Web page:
Mark this date on your calendar: Friday, June 9, 2017. That’s the date that the big downward move in the largest tech stocks began. The day also saw a rotation into big bank stocks (which is like swapping a land mine for a hand grenade – there’s going to be an explosion, it’s just a matter of degree).
The selloff on Friday was triggered by a research report from Robert Boroujerdi of Goldman Sachs. The report compared today’s FAAMG tech stocks (Facebook, Apple, Amazon, Microsoft and Google-parent Alphabet) to the highfliers in the tech bubble that crashed in 2000: Microsoft, Cisco, Intel, Oracle and Lucent.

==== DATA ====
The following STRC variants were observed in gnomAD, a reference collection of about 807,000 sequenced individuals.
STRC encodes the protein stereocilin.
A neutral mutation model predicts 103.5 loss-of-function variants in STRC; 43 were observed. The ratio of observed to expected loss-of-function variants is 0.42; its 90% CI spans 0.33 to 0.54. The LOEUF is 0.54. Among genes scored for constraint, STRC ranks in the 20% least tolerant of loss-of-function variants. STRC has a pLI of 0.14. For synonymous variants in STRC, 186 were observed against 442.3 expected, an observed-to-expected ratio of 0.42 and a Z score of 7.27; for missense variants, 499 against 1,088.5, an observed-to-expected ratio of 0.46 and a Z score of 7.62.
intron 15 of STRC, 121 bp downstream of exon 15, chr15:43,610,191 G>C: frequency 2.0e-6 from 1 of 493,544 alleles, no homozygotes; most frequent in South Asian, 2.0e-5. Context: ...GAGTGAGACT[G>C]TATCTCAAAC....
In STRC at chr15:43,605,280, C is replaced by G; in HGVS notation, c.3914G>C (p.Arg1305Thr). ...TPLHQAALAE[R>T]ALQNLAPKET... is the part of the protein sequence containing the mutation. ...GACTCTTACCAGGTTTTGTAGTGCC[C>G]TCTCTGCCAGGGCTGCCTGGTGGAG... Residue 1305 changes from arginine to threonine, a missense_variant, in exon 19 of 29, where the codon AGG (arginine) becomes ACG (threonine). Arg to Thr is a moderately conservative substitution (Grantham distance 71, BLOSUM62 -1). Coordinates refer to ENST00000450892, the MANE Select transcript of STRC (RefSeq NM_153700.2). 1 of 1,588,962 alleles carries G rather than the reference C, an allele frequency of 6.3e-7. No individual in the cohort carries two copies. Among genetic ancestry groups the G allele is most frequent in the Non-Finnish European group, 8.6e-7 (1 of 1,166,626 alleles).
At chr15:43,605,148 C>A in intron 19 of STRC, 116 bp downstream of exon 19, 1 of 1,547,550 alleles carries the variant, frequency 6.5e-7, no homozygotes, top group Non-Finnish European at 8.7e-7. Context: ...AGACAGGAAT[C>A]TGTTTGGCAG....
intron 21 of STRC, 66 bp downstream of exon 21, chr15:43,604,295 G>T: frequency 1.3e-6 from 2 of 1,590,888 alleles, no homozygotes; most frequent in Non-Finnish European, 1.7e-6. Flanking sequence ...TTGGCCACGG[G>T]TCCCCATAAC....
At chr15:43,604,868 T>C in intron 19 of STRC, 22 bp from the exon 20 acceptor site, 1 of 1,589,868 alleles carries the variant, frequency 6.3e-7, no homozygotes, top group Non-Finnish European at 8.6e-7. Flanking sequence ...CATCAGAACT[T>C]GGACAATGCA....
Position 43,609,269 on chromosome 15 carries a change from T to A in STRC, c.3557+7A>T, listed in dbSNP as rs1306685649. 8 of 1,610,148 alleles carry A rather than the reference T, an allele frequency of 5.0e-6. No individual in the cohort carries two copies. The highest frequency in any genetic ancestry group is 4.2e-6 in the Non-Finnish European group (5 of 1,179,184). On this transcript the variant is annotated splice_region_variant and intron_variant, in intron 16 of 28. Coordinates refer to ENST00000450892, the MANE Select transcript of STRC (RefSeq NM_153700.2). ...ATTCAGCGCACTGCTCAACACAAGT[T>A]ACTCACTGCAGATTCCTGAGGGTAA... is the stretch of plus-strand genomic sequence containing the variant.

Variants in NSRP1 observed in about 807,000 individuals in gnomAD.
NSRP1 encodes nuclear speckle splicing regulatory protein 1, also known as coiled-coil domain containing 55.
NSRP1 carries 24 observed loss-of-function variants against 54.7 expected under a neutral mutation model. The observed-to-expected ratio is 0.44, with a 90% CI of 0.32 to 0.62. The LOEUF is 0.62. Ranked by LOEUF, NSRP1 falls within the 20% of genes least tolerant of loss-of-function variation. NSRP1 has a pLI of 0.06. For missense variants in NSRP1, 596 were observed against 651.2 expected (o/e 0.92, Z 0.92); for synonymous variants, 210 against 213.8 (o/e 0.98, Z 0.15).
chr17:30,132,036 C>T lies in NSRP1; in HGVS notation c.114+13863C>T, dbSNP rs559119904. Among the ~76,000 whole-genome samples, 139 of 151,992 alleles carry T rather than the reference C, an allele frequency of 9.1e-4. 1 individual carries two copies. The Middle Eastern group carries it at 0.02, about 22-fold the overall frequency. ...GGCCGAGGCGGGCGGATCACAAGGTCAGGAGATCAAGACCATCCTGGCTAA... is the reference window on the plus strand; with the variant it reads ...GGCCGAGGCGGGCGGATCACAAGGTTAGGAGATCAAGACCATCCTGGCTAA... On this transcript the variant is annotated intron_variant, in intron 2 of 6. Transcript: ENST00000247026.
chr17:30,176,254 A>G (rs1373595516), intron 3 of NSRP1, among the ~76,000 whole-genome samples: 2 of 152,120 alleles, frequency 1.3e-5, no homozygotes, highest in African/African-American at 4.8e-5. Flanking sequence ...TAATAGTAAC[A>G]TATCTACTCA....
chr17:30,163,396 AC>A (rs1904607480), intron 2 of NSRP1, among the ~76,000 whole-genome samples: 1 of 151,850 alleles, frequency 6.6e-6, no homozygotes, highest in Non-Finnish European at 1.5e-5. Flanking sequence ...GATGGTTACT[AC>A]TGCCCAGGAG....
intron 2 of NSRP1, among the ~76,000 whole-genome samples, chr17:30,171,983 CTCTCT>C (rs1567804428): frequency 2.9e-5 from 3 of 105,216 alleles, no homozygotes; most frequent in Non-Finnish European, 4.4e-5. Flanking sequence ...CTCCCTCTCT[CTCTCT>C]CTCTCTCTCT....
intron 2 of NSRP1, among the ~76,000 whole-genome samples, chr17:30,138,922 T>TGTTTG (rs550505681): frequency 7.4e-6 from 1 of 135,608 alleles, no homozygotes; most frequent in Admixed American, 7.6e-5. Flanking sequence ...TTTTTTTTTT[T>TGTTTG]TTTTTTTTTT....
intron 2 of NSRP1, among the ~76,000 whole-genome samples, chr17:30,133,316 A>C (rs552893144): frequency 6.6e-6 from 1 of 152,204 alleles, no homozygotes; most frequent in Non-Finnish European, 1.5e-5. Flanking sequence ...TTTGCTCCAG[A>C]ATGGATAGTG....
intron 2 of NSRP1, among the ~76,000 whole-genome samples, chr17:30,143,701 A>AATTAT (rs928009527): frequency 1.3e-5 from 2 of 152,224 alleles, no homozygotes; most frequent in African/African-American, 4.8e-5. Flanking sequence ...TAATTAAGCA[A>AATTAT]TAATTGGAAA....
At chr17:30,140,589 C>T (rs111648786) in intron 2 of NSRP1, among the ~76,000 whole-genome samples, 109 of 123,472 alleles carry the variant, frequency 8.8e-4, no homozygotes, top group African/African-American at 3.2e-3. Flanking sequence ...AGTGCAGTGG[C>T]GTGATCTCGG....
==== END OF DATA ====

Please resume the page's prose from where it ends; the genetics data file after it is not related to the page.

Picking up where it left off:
Boroujerdi used a lexicon that the market did not want to hear: ‘death,’ ‘extremes,’ and ‘difficult to decipher risk narratives.’ The exact sentence went like this:
‘This outperformance, driven by secular growth and the death of the reflation narrative, has created positioning extremes, factor crowding and difficult-to-decipher risk narratives (e.g. FAAMG’s realized volatility is now below that of Staples and Utilities).
This post was published at Wall Street On Parade on June 19, 2017.